A Power of Attorney is a document authorizing one person to act for another. In real estate transactions, a Power of Attorney is often used when one of the parties is out of town and wants someone else to sign the closing documents on his behalf.
The Power of Attorney is a very useful device. However, it can also be a very dangerous device because it can empower one person to deal with another person's assets in ways he may not agree with, or even to enrich himself at the other person's expense by self-dealing. There are also some tricky rules that govern the validity of a Power of Attorney. Before you give someone your Power of Attorney, and before you agree to act on behalf of someone else pursuant to a Power of Attorney, there are a few things you should know.
A Power of Attorney involves two parties: the person who signs it (the principal), and the person to whom it is given (the attorney-in-fact, or agent).
Powers of Attorney can be general or special. A General Power of Attorney gives the agent the power to act on the principal's behalf without limitation; in other words, the agent can do anything on behalf of the principal that the principal has the power to do for himself. A Special Power of Attorney, on the other hand, gives the agent the power to do only the things specified in the Power; for example, to buy or sell a specific parcel of property at a specified price. Obviously, you should be very careful about giving anyone a General Power of Attorney. In most cases, a Special Power will get the job done with much less risk.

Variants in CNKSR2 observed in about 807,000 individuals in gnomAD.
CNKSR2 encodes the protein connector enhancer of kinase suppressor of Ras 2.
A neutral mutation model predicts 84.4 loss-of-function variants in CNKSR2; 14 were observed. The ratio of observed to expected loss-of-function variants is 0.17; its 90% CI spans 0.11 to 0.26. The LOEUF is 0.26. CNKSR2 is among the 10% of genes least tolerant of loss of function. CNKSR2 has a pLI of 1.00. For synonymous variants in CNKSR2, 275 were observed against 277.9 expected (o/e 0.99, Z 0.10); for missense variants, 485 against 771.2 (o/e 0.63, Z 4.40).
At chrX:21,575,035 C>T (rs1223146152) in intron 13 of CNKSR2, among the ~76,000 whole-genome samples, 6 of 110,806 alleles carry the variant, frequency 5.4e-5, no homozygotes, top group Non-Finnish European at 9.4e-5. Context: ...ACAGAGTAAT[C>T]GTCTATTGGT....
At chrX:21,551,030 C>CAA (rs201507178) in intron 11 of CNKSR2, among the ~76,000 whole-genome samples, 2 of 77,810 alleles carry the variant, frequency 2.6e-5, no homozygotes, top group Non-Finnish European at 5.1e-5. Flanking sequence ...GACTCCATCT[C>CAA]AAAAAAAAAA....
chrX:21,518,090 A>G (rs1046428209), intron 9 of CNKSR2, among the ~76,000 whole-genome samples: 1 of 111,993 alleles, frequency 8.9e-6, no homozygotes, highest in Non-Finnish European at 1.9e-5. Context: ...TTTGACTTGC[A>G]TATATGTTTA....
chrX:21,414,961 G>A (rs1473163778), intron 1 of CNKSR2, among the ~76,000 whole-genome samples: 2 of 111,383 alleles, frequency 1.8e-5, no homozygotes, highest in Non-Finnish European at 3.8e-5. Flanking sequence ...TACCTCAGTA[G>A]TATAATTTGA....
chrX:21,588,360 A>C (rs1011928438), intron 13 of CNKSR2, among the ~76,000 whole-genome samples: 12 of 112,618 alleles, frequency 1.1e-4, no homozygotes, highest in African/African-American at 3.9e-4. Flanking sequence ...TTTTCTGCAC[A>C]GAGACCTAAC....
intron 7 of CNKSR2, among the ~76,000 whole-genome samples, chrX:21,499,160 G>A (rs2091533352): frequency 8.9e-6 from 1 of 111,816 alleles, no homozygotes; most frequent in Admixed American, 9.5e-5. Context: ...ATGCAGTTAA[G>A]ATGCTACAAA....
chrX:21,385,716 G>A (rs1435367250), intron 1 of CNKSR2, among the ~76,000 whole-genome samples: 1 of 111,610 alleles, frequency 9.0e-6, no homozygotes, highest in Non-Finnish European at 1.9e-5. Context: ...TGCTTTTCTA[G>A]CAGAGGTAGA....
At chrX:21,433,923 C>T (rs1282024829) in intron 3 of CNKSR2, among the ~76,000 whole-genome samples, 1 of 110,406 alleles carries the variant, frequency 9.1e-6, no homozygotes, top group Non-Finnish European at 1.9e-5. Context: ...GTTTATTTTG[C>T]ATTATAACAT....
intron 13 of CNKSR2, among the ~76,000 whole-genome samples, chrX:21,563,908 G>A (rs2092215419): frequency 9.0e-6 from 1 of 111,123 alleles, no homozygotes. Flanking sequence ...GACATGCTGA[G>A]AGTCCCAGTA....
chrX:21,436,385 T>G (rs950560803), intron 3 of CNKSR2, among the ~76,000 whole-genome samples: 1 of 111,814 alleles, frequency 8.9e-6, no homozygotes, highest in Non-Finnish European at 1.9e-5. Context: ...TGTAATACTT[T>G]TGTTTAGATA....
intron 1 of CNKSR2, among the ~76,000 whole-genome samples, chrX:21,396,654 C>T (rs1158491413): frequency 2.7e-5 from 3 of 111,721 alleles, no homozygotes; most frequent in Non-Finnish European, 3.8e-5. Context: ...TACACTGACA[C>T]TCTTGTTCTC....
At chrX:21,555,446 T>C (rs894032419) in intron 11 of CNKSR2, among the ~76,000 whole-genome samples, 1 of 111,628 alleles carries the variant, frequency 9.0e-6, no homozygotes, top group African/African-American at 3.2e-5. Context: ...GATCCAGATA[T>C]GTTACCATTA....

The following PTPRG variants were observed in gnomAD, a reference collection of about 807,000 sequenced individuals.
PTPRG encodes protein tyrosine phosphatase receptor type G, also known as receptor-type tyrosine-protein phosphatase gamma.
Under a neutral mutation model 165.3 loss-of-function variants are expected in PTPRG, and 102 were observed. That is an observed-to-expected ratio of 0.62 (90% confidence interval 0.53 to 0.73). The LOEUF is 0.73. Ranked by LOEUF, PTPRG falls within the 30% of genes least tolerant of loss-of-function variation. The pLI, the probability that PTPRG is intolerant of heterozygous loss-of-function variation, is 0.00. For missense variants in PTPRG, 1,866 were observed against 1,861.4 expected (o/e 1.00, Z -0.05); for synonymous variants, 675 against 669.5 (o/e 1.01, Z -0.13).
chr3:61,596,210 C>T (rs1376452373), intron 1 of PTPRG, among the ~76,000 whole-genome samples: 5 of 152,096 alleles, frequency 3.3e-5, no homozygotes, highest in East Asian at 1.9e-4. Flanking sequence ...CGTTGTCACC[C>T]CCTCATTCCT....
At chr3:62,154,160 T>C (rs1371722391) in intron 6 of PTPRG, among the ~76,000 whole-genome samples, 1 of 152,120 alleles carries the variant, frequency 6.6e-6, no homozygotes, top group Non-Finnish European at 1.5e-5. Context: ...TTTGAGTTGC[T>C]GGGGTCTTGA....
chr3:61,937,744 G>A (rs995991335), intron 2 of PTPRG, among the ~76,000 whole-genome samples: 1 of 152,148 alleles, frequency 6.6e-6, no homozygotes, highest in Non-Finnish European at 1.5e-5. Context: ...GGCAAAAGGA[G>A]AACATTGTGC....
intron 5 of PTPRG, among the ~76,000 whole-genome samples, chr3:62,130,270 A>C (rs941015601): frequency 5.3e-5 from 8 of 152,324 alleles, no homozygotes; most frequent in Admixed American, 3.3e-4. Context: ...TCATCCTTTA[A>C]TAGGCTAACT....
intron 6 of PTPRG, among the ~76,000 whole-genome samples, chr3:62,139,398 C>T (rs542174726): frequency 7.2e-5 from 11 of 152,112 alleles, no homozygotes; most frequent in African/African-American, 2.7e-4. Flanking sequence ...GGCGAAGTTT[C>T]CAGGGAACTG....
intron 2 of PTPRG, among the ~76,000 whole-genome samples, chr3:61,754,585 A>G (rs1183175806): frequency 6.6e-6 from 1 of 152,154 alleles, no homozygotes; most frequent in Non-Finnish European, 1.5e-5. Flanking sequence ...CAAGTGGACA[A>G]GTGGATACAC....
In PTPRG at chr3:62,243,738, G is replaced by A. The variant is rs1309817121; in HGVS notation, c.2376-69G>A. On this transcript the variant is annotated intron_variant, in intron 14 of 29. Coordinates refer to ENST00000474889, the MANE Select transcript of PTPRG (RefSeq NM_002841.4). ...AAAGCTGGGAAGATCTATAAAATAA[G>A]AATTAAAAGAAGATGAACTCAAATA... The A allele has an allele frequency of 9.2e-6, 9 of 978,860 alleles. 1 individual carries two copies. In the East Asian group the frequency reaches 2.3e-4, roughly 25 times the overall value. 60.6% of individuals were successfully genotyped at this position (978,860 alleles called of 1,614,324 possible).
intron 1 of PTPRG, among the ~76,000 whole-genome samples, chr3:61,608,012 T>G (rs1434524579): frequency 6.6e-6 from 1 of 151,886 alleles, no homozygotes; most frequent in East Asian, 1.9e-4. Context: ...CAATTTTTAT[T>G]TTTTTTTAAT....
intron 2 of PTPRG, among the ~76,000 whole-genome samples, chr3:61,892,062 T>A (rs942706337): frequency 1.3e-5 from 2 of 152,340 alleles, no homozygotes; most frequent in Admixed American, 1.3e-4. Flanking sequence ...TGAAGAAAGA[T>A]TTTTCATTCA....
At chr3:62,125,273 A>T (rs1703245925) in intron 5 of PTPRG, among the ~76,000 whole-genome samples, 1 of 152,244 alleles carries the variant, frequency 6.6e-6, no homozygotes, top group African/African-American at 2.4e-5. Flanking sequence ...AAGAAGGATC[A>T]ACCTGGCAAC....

Generally, a Power of Attorney continues in effect until (a) it is revoked, (b) it expires by its terms, or (c) the principal dies or becomes legally incapacitated or incompetent at which time it is automatically revoked. Even if it is revoked, it continues to be effective as to third parties who do not know it has been revoked. Therefore, it is usually a good idea to put an expiration date in the Power so that it does not continue for years if you should happen to forget to revoke it.
There is a particular kind of Power designed to survive the disability of the principal, known as a Durable Power of Attorney. This is useful if the principal wants the agent to have the power to act on his behalf if the principal should become incapacitated.
Many states have special statutes governing Powers of Attorney, so it can be risky to use a standard form or to copy one from someone else. Some states require a Power of Attorney to be signed by a witness and some states require a Power of Attorney to be notarized by a notary public. Sometimes the Power must contain certain specified language to be enforceable.
How to Sign
A constant source of confusion arises from the way a document should be signed by an attorney-in-fact. Here is the way an attorney-in-fact ("Al Agent") should sign for his principal ("Peter Principal"):
Peter Principal, by Al Agent as his attorney-in-fact
A Power of Attorney is a useful but potentially dangerous instrument. Be very careful when granting a Power or agreeing to accept one from someone else.